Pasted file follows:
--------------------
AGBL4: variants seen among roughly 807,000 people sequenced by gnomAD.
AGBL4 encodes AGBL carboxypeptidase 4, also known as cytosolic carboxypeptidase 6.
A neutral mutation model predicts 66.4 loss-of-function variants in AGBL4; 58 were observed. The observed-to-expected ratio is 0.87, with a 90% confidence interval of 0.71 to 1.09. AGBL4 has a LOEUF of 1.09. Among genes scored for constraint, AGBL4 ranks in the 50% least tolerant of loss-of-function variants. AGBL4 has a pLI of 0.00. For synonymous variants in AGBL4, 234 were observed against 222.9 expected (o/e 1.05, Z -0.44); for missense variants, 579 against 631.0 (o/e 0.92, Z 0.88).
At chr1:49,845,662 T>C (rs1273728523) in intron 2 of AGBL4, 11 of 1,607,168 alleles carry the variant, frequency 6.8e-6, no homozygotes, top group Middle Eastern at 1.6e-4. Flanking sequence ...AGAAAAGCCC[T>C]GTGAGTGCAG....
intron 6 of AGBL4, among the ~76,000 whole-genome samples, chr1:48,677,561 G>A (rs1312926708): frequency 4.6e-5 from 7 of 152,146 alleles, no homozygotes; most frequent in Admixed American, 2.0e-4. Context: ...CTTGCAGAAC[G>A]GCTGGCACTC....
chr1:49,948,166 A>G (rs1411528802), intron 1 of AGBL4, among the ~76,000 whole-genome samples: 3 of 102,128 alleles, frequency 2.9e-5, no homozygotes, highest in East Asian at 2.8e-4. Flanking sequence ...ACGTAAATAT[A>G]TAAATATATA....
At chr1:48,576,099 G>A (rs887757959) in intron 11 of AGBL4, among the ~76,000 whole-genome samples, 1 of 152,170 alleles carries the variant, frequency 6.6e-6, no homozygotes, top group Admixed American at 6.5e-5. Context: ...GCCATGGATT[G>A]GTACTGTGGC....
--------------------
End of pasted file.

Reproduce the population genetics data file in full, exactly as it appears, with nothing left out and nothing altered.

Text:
AGBL4: variants seen among roughly 807,000 people sequenced by gnomAD.
AGBL4 encodes AGBL carboxypeptidase 4, also known as cytosolic carboxypeptidase 6.
A neutral mutation model predicts 66.4 loss-of-function variants in AGBL4; 58 were observed. The observed-to-expected ratio is 0.87, with a 90% confidence interval of 0.71 to 1.09. AGBL4 has a LOEUF of 1.09. Among genes scored for constraint, AGBL4 ranks in the 50% least tolerant of loss-of-function variants. AGBL4 has a pLI of 0.00. For synonymous variants in AGBL4, 234 were observed against 222.9 expected (o/e 1.05, Z -0.44); for missense variants, 579 against 631.0 (o/e 0.92, Z 0.88).
At chr1:49,845,662 T>C (rs1273728523) in intron 2 of AGBL4, 11 of 1,607,168 alleles carry the variant, frequency 6.8e-6, no homozygotes, top group Middle Eastern at 1.6e-4. Flanking sequence ...AGAAAAGCCC[T>C]GTGAGTGCAG....
intron 6 of AGBL4, among the ~76,000 whole-genome samples, chr1:48,677,561 G>A (rs1312926708): frequency 4.6e-5 from 7 of 152,146 alleles, no homozygotes; most frequent in Admixed American, 2.0e-4. Context: ...CTTGCAGAAC[G>A]GCTGGCACTC....
chr1:49,948,166 A>G (rs1411528802), intron 1 of AGBL4, among the ~76,000 whole-genome samples: 3 of 102,128 alleles, frequency 2.9e-5, no homozygotes, highest in East Asian at 2.8e-4. Flanking sequence ...ACGTAAATAT[A>G]TAAATATATA....
At chr1:48,576,099 G>A (rs887757959) in intron 11 of AGBL4, among the ~76,000 whole-genome samples, 1 of 152,170 alleles carries the variant, frequency 6.6e-6, no homozygotes, top group Admixed American at 6.5e-5. Context: ...GCCATGGATT[G>A]GTACTGTGGC....